‘The other battery (No 2) is placed nearer to and across the Point, being nearly at right angles with the direction of the land. This also mounts two 80 pounder Armstrong guns, and is somewhat similar to the other work, except the parapets, which are corned up all round the battery. The guns have a range of 150-deg from the Barwon Heads to the right, or up the fairway of the South Channel. They can also if desired, fire seaward to protect the rear of No 1 battery and its own. The guns command the coves or beach between Barwon Heads and Point Lonsdale, also to Queenscliff.’
The approach to No 2 battery is through a cutting (the only entrance), as the work is more exposed. To obtain the site of this battery – a most commanding position – over 1,000 yards of sand had to be removed, the original site being a sand ridge of about 4ft in width. The ground in front of the guns and interior of the battery is covered with limestone brought up from the beach, and the face of the work is covered with scrub, grasses, & c. The cultivation of the scrub is most important, and a large quantity of seed and plants of the native scrub has been planted as directed by Baron Von Mueller.’ (vii)
‘The works, though called temporary, and erected pending the construction of the permanent works, are solidly made, the walls being built of tarred sand bags about 2-ft thick against which the parapets are built and with a little expenditure for tar, &c, will last some time. The guns are mounted on wood platforms made of segments of red gum blocks on a foundation of kauri timber, in all 2-ft thick they are similar to the stone platform with circular racers at Queenscliff, wood kerbs being substituted for stone to construct the works, three detachments of the Victorian Artillery corps have been employed -26 men, one month each – including hauling stores, mounting guns, &c. ’(viii)
During the parliamentary sitting of June 1882 Mr Langridge as Commissioner of Public Works reported he did not know of any general feeling that the colony should rush into further expenditure on the Heads defences. ‘At Queenscliff we had an excellent battery, well mounted, and another mounted with four guns at Point Nepean. The latter was somewhat out of repair but could be made of great service at a small cost. He did not approve of rushing into any large expenditure, but held that the works at present in progress should be perfected.’(ix)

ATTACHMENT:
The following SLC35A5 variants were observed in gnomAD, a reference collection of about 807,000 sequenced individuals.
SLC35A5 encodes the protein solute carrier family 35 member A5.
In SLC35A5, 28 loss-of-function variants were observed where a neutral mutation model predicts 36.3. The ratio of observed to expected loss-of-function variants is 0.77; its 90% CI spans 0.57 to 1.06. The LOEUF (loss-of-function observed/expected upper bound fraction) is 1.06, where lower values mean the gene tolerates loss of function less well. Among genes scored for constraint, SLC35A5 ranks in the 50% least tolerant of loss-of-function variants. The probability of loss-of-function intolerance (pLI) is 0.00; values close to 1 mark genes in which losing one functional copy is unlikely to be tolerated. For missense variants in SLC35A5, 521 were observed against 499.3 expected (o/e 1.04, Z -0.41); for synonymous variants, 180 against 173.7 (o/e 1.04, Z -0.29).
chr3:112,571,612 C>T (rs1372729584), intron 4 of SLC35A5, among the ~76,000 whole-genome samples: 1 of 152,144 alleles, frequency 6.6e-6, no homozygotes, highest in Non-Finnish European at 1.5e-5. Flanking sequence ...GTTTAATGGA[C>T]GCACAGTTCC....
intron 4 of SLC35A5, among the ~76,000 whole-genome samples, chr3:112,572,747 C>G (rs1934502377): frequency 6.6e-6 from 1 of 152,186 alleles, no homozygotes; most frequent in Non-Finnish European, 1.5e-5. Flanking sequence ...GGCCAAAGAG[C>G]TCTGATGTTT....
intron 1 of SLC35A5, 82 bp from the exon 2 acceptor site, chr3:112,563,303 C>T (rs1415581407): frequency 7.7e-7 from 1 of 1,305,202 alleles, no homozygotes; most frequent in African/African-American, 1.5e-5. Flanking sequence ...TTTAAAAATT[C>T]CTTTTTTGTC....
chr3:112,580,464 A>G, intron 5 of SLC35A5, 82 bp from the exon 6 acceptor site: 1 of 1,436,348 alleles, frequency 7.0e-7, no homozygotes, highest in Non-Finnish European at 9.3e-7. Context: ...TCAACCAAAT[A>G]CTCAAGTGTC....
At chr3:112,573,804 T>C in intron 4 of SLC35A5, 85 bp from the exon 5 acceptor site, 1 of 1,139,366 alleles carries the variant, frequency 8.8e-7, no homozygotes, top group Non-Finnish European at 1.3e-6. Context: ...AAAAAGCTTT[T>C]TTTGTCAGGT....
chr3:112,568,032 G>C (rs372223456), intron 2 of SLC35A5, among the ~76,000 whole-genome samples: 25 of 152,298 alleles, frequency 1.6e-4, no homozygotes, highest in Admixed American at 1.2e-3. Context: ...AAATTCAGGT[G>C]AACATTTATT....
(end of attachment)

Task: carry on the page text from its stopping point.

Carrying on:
In September 1882 a contract was let for the construction of the permanent Point Nepean battery at a cost of £11,400, with the drawings produced by John Blackbourn,(x) recently employed as Victorian assistant defence engineer to Colonel Scratchley – who departed for England in January 1883 at the completion of his 5-year appointment as Australian Colonial Defence Advisor. By August 1883, £4,000 has already been spent. An additional sum of about £15,500 was eventually required, making a total cost for the new Nepean battery works of £26,900.
(iii) Australasian (Melbourne) Saturday 25 May 1878. ‘Town News’ Page 19 Argus Saturday 1 June 1878 ‘Volunteer News’ page 5 Age Saturday 1 June 1878 ‘ Smallpox on board the Siam’ Page 5
(iv) Point Nepean Forts Conservation Management Plan – Parks Victoria. 2006 Page 20 General History – Louise Honman 1990 – Victorian Year Book 1880-81 p.12 and Reserve Branch Files Summary of Works at Point Nepean; Australian Archives B.3712 Folder 14; Contracts Reserve Branch Files. Summary of works. See also PWD Contracts 81.2/125.
(v) While the new 9-inch guns at Queenscliff Lower Battery were emplaced with ‘A’ pivot racers (70⁰) it is likely the Nepean 80-pdr guns were mounted on ‘C’ pivot racers to provide a greater sweep of fire – 120⁰ arc – across the Heads entrance zone.
The A & B pivot usually give a field of fire of 70⁰. The C pivot gives 360⁰, whilst the D gives 180⁰ or 360⁰. The E & F pivots give 180⁰. ‘A’ pivots are suitable for embrasures; ‘D’ pivots for barbette emplacements with less than 140⁰ of lateral training and ‘C’ pivots for barbettes with a larger amount. Casemate slides are used only with ‘A’ pivot racers. Dwarf slides are suited to all pivots. ‘D’ pivots were not much used except for the colonial carriage. ‘E’ & ‘F’ pivots were specially designed for the tops of Martello towers and are rarely found elsewhere. In ‘C’ and ‘D’ pivots the actual pivot is usually an old gun, a 24 or 32 pr. S.B. set in concrete. An alternative is a cast iron pivot block.
(vi) The Argus The New Batteries at Point Nepean 24 September 1878 Page 7
(ix) Argus (Melbourne, Vic. : 1848 – 1957), Wednesday 28 June 1882, page 4
(x) The Life and Times of John Blackbourn C.E. – Victoria’s Defence Engineer. (1842-1911) Keith Quinton. Blurb Books USA. 2020
Contact Keith Quinton about this article.